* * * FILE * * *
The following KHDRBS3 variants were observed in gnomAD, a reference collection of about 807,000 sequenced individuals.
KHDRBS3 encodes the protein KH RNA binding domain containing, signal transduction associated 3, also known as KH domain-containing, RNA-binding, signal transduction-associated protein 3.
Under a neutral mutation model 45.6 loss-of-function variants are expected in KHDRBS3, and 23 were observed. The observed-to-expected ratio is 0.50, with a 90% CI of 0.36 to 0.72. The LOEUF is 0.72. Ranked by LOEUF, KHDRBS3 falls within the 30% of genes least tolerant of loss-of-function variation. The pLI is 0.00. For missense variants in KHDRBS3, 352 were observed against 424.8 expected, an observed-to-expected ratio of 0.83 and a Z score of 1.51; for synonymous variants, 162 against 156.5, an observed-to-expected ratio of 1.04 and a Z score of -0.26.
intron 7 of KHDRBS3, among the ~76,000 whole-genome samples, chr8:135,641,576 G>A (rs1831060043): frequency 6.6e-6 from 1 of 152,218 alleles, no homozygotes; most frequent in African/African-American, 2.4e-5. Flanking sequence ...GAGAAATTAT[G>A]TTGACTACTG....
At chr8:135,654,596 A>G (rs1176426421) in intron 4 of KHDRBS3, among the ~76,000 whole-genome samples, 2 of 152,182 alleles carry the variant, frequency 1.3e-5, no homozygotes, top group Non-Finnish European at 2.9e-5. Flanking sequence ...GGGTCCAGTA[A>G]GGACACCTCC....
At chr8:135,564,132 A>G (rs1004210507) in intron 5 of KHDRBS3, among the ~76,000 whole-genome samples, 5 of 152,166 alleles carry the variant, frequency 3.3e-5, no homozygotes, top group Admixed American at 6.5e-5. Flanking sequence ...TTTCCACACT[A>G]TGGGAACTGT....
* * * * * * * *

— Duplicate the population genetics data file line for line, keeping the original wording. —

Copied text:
The following KHDRBS3 variants were observed in gnomAD, a reference collection of about 807,000 sequenced individuals.
KHDRBS3 encodes the protein KH RNA binding domain containing, signal transduction associated 3, also known as KH domain-containing, RNA-binding, signal transduction-associated protein 3.
Under a neutral mutation model 45.6 loss-of-function variants are expected in KHDRBS3, and 23 were observed. The observed-to-expected ratio is 0.50, with a 90% CI of 0.36 to 0.72. The LOEUF is 0.72. Ranked by LOEUF, KHDRBS3 falls within the 30% of genes least tolerant of loss-of-function variation. The pLI is 0.00. For missense variants in KHDRBS3, 352 were observed against 424.8 expected, an observed-to-expected ratio of 0.83 and a Z score of 1.51; for synonymous variants, 162 against 156.5, an observed-to-expected ratio of 1.04 and a Z score of -0.26.
intron 7 of KHDRBS3, among the ~76,000 whole-genome samples, chr8:135,641,576 G>A (rs1831060043): frequency 6.6e-6 from 1 of 152,218 alleles, no homozygotes; most frequent in African/African-American, 2.4e-5. Flanking sequence ...GAGAAATTAT[G>A]TTGACTACTG....
At chr8:135,654,596 A>G (rs1176426421) in intron 4 of KHDRBS3, among the ~76,000 whole-genome samples, 2 of 152,182 alleles carry the variant, frequency 1.3e-5, no homozygotes, top group Non-Finnish European at 2.9e-5. Flanking sequence ...GGGTCCAGTA[A>G]GGACACCTCC....
At chr8:135,564,132 A>G (rs1004210507) in intron 5 of KHDRBS3, among the ~76,000 whole-genome samples, 5 of 152,166 alleles carry the variant, frequency 3.3e-5, no homozygotes, top group Admixed American at 6.5e-5. Flanking sequence ...TTTCCACACT[A>G]TGGGAACTGT....